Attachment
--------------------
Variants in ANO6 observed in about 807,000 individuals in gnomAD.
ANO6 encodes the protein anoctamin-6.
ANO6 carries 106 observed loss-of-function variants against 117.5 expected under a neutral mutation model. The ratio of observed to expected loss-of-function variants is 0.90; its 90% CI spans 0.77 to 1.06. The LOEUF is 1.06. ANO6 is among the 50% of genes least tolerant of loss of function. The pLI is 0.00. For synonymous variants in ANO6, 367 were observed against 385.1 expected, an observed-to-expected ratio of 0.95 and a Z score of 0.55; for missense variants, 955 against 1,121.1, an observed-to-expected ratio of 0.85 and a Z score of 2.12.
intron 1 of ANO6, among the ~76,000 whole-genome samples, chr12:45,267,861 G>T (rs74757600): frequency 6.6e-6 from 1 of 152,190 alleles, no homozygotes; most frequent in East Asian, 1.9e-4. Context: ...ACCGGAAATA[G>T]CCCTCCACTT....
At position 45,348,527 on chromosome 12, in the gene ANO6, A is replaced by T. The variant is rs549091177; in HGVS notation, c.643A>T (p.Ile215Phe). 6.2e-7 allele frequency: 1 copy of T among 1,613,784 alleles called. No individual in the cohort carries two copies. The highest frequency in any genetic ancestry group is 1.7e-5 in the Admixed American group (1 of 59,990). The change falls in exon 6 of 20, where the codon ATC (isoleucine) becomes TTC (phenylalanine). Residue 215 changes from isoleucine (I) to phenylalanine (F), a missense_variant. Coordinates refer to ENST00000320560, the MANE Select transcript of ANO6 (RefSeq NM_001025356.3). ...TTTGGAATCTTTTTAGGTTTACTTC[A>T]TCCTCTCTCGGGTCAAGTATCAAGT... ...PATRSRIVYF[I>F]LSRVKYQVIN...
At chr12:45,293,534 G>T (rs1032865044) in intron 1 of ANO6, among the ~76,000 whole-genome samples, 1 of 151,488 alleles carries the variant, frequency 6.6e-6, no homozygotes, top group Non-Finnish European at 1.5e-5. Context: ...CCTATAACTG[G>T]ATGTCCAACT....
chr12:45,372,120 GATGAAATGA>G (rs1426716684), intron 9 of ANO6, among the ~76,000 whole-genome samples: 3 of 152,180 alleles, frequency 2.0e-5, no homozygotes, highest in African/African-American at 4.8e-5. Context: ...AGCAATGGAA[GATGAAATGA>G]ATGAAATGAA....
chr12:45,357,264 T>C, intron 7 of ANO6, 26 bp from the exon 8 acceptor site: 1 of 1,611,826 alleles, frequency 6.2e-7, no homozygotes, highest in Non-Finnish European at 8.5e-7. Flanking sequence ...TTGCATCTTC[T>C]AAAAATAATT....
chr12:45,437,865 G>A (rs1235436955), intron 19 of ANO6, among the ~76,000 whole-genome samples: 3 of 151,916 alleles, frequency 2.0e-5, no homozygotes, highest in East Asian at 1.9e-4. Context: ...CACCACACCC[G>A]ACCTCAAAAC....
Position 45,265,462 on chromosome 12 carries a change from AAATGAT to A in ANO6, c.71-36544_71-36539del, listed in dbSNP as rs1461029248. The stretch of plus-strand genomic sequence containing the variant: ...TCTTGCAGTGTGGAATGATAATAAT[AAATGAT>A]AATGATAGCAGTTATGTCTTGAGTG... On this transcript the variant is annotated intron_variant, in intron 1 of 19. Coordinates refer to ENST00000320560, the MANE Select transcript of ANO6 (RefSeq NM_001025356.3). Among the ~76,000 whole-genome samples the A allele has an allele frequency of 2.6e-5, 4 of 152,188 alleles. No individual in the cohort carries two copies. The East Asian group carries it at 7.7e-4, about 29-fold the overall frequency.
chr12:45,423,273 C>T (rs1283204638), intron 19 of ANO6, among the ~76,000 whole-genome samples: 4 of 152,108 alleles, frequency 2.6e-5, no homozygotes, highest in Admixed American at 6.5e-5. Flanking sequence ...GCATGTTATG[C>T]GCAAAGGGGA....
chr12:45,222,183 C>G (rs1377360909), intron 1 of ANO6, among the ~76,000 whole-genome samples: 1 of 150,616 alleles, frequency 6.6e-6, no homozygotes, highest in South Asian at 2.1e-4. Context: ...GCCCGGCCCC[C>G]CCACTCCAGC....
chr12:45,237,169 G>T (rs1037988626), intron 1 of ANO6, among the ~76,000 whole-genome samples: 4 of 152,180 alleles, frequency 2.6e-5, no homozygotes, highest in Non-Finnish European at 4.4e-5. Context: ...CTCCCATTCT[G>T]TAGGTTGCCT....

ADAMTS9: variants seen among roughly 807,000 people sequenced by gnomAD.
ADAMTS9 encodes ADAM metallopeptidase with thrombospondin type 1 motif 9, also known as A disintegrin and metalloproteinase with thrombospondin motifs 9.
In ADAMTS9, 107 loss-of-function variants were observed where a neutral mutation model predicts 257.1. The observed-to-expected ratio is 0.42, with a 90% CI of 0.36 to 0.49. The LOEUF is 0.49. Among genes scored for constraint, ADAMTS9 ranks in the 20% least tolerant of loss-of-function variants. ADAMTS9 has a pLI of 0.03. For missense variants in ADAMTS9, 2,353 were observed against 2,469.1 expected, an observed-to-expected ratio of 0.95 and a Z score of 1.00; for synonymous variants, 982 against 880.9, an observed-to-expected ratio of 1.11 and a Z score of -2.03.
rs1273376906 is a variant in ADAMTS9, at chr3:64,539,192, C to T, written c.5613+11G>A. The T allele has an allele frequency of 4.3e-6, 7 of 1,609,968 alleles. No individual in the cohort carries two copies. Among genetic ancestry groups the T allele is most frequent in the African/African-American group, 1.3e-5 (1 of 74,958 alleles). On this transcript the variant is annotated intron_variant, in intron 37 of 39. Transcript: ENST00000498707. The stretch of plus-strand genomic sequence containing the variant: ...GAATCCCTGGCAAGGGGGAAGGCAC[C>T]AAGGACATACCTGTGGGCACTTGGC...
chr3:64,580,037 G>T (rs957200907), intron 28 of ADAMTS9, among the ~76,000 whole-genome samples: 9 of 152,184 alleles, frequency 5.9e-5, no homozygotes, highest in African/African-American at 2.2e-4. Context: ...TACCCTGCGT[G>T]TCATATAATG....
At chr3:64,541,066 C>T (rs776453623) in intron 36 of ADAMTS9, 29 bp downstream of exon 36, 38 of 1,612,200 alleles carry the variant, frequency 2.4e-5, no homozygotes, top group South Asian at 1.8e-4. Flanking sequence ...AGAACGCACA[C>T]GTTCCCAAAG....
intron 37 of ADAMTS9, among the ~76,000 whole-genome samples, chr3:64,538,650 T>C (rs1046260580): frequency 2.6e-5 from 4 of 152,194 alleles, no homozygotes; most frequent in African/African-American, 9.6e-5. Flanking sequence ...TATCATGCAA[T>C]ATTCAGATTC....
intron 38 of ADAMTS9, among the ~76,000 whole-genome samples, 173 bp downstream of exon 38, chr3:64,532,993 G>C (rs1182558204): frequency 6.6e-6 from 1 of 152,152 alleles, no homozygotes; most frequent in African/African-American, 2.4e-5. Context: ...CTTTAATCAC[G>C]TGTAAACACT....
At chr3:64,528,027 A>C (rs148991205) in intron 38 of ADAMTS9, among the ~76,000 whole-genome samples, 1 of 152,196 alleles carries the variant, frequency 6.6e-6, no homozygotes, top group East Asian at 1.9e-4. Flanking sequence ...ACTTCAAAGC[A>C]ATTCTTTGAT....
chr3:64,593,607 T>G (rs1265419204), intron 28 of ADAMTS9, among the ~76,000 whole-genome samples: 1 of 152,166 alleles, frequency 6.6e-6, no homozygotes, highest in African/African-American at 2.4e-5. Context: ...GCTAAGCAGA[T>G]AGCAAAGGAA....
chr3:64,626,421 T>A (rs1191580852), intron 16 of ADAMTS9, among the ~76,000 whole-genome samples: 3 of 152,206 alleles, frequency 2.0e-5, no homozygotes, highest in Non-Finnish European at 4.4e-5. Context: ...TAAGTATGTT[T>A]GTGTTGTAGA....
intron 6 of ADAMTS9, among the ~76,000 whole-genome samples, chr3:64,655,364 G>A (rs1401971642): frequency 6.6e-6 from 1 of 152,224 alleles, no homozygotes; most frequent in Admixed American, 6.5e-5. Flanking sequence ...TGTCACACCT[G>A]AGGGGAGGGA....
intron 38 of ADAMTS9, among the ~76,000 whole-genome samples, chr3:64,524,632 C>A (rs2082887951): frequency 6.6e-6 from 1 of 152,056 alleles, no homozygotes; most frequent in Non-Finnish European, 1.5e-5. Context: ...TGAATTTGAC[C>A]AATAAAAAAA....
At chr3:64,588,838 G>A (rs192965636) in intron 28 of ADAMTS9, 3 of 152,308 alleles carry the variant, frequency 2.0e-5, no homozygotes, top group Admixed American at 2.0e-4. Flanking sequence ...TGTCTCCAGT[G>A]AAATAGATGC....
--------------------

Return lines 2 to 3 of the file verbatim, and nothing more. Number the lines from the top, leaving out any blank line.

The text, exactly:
ANO6 encodes the protein anoctamin-6.
ANO6 carries 106 observed loss-of-function variants against 117.5 expected under a neutral mutation model. The ratio of observed to expected loss-of-function variants is 0.90; its 90% CI spans 0.77 to 1.06. The LOEUF is 1.06. ANO6 is among the 50% of genes least tolerant of loss of function. The pLI is 0.00. For synonymous variants in ANO6, 367 were observed against 385.1 expected, an observed-to-expected ratio of 0.95 and a Z score of 0.55; for missense variants, 955 against 1,121.1, an observed-to-expected ratio of 0.85 and a Z score of 2.12.